And so, they didn’t walk with a lack of confidence; but they didn’t, also, walk with confidence in themselves. They walked out knowing, “I couldn’t do this alone, but I could do this with Christ.”  And I think that was what gave them hope: “I know I can’t do this, but it’s a different picture. And with Christ, you know what? All things really are possible; and I could do this.” 

Dennis: Yes.

Bob: Our mission, here at FamilyLife, is to effectively develop godly families because we believe that if you have strong, intact, healthy families, that’ll change your life / it’ll change the culture. It’ll change the world, eventually.

I’m just curious—I don’t know if you have statistics or if you just anecdotally—if you’ve got a thousand people you’re serving every day at the Atlanta Mission, any idea how many of those thousand grew up in a family where there was both a mom and a dad in the home, and it was intact, and they had some stability in their home?



Jim: Eight-five to ninety percent of our men are going to have no dad. In fact, I’d say, in that range, no positive male influence. If you asked them: “Who really raised them at all?” it would be a mom, at best—could be a grandmother, could be an aunt, could be a neighbor / or women with our kids—same situation, Bob. They’ve not seen what family looks like in a real sense at all. Now, there are some that have, obviously. There are some that grew up in good families and had that; but that’s 10/15 percent, maximum.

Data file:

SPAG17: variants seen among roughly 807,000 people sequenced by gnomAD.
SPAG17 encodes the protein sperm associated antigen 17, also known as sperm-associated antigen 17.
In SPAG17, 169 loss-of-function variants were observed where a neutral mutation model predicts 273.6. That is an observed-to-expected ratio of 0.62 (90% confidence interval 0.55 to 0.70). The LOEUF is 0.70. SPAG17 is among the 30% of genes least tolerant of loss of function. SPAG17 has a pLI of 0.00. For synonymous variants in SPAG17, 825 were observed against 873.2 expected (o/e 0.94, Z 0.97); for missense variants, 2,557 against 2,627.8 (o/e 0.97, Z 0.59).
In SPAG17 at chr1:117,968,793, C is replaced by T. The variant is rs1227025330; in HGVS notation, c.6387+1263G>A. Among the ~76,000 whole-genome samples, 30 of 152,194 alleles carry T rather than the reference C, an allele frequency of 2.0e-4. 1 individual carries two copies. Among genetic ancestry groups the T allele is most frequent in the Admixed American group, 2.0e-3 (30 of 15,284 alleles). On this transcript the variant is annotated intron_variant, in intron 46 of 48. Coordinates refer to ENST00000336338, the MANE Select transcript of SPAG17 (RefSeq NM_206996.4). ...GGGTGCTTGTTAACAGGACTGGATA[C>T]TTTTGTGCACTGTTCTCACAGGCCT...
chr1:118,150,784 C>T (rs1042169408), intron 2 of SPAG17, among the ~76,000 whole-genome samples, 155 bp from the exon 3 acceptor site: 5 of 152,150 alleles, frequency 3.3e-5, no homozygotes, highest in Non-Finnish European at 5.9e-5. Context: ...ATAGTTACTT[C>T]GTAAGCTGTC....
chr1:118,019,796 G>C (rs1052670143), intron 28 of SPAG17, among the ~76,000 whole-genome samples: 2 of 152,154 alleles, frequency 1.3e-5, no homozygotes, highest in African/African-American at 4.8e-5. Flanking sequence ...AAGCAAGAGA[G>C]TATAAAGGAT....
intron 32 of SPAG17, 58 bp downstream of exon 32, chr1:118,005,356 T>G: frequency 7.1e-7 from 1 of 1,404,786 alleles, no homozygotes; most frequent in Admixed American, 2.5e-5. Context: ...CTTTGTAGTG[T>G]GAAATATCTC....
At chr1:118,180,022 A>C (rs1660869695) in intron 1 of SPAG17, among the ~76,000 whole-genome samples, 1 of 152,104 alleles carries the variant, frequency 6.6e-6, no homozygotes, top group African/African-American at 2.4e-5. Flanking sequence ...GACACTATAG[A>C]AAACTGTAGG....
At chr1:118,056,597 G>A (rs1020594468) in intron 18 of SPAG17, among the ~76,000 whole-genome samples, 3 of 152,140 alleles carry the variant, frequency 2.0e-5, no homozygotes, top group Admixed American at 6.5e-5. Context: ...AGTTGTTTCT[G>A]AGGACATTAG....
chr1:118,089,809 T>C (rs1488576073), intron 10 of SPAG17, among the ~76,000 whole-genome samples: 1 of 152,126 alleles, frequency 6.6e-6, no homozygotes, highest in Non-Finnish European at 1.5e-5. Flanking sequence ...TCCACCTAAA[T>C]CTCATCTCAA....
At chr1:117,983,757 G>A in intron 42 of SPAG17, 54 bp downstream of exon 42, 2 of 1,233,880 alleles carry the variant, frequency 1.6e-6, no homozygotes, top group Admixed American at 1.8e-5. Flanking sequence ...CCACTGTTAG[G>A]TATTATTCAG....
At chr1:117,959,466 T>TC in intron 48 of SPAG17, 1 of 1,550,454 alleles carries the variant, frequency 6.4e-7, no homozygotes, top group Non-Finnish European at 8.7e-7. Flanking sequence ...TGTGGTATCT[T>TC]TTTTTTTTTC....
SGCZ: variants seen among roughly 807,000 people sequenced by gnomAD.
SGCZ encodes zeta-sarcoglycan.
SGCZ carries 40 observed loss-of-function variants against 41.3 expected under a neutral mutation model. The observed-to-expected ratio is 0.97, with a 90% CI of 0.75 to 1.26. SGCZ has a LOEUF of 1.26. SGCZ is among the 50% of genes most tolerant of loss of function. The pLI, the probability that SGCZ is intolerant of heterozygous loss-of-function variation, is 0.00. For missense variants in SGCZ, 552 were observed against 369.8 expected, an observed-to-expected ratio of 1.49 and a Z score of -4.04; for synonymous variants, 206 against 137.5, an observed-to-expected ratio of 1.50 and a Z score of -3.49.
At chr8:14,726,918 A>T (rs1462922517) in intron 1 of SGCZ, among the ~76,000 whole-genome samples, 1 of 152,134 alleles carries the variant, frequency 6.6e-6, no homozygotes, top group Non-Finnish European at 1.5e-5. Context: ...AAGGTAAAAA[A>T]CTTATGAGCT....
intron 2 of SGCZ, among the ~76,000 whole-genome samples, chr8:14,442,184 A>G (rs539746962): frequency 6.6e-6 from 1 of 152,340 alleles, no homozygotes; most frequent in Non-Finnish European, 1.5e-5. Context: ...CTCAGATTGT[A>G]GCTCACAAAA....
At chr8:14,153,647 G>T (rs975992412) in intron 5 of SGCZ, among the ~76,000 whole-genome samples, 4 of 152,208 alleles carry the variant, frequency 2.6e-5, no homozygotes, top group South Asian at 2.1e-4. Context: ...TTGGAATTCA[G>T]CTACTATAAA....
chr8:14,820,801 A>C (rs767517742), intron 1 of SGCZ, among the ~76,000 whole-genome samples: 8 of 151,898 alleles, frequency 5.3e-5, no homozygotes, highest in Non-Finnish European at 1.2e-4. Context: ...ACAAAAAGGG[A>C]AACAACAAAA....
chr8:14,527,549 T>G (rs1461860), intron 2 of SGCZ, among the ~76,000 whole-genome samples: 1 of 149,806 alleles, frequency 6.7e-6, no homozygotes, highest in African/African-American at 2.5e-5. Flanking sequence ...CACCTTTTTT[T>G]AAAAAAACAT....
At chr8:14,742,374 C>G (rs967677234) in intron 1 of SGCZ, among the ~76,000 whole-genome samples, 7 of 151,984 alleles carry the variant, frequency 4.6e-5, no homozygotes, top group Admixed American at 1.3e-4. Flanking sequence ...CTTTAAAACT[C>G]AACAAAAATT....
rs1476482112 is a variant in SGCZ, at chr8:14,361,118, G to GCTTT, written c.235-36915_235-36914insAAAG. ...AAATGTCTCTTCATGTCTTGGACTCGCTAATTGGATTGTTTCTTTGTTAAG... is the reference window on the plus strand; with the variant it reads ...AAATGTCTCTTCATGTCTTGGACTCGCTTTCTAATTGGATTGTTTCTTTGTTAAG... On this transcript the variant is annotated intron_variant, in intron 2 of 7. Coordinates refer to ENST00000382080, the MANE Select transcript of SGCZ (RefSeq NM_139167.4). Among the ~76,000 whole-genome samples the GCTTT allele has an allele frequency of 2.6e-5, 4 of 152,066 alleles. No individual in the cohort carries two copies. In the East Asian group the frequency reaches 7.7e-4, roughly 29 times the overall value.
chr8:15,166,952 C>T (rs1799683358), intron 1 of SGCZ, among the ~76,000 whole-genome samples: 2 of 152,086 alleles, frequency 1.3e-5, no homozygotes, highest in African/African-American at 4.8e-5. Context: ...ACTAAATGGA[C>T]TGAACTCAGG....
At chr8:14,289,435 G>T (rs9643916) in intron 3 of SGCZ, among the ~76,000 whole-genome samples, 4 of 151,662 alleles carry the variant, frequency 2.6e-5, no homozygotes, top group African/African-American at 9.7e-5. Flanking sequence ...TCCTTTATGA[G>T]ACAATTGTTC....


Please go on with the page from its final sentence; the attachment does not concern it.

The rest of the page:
Bob: If we wanted to make a dent in the homeless population in America—if we could somehow get moms and dads to love each other, stay together, and take care of the kids, that would have an impact; wouldn’t it? 

Jim: Yes. You know, I think that we’re cleaning up the mess. If we could keep families together—start with families—we could get us out of business.

Dennis: Yes, let’s start with families— 


Jim: It starts with families.